Secret Invasion: How The MCU Series Reinvents The Comics

Secret Invasion was one of the very first comics storylines to be considered for an MCU TV adaptation – but the plan was to transform it from the inside out.

As Marvel Studios President Kevin Feige explained: “Jonathan (Schwartz, Marvel producer) came into my office a number of years ago, when we were thinking about what kinds of shows to do on Disney Plus. He came in with this idea of translating the great Secret Invasion storyline from the comics into a darker, grittier spy show, which we hadn’t done.

“We love to do different genres for everything, and this was an attempt to really dive back into things we touched upon in The Winter Soldier but hadn’t in a while, and delve into the tone of a spy show. It allowed us to see a very different dynamic between Nick Fury and Talos than we had seen in sort of our ’90s buddy action movie, Captain Marvel.”

Marvel Studios

This process meant the original, universe-shattering storyline in which several Avengers are revealed to have been secret Skrulls was jettisoned for a more self-contained story, centred around the relationship between Samuel L. Jackson and Ben Mendelsohn’s characters.

He continued: “We knew we weren’t going to have every character in the Marvel Universe the way it is in the comics, we knew the focus would stay on Sam Jackson and this ensemble.”

Part of this is because this project didn’t even start life as a Secret Invasion adaptation. Schwartz went into further depth of how the series came together behind the scenes: “I think if you really go back, it did  start on Captain Marvel, even if it wasn’t a Secret Invasion idea yet.

Marvel Studios

“We knew there was more to do with the relationship between Nick and Talos. And then the Disney Plus door opened up and we got the opportunity to play more in genres and expand the sandbox of what we can do.

“That meant Secret Invasion not only had great source material behind it as a comic event that a lot of people knew and responded to, but it was now within a very cool genre, specifically for these two characters, which really brought the show to life.”

The next step was getting a director on board, which is where Ali Selim came in. He helmed all six episodes of the series, and was motivated to join the project due to the fact superhero antics were not the central focus of the plot.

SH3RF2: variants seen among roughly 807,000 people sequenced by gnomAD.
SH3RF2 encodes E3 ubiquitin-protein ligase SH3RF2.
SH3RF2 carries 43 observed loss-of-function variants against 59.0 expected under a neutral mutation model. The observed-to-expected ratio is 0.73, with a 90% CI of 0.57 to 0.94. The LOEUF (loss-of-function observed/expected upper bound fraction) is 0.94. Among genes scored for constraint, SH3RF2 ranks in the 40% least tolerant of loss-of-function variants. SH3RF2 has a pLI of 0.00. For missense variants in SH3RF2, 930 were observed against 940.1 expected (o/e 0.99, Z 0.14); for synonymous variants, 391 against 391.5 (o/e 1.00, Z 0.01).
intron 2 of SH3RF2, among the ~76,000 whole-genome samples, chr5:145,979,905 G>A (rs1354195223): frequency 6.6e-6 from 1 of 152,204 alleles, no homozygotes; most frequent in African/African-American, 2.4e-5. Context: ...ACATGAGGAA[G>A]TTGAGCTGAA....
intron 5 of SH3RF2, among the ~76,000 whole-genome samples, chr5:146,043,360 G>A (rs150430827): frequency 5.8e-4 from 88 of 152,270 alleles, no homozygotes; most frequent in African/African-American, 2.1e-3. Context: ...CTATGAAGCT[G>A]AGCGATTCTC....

Marvel Studios

He said: “I think it’s a very human show. It’s the Nick Fury story; he’s human, and the superpowers he has aren’t like those of a superhero.

“It’s a story about him putting his feet back on the ground once more after some time away, which I liked. It’s a human story that came from the heart; it really tried to delve into very simple human emotions, like trust and suspicion and the personal life of Nick Fury and inner life of Nick Fury. It’s very different from people flying through the air.”

The other attraction to the project was being able to put his own distinctive spin on the political thriller genre.

Marvel Studios

Selim continued: “I liked the espionage, political-thriller element, and we went back to look at films like The Third Man, and The Conversation – movies in that genre that are very grounded and
really human.

“There is a point later on in the story where Nick Fury realises this is his own battle, and he sort of becomes a classic American western hero. And the tone sort of shifted in the later episodes to Nick Fury as John Wayne.”

From a tense thriller to a Marvel take on the western? Oh, we really can’t wait to see what this show has in store for us in the weeks to come…

Secret Invasion premieres on Disney+ on Wednesday, 21st June.

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Alistair Ryder

Alistair Ryder


Alistair is a culture journalist and lover of bad puns from Leeds. Subject yourself to his bad tweets by following him on Twitter @YesItsAlistair.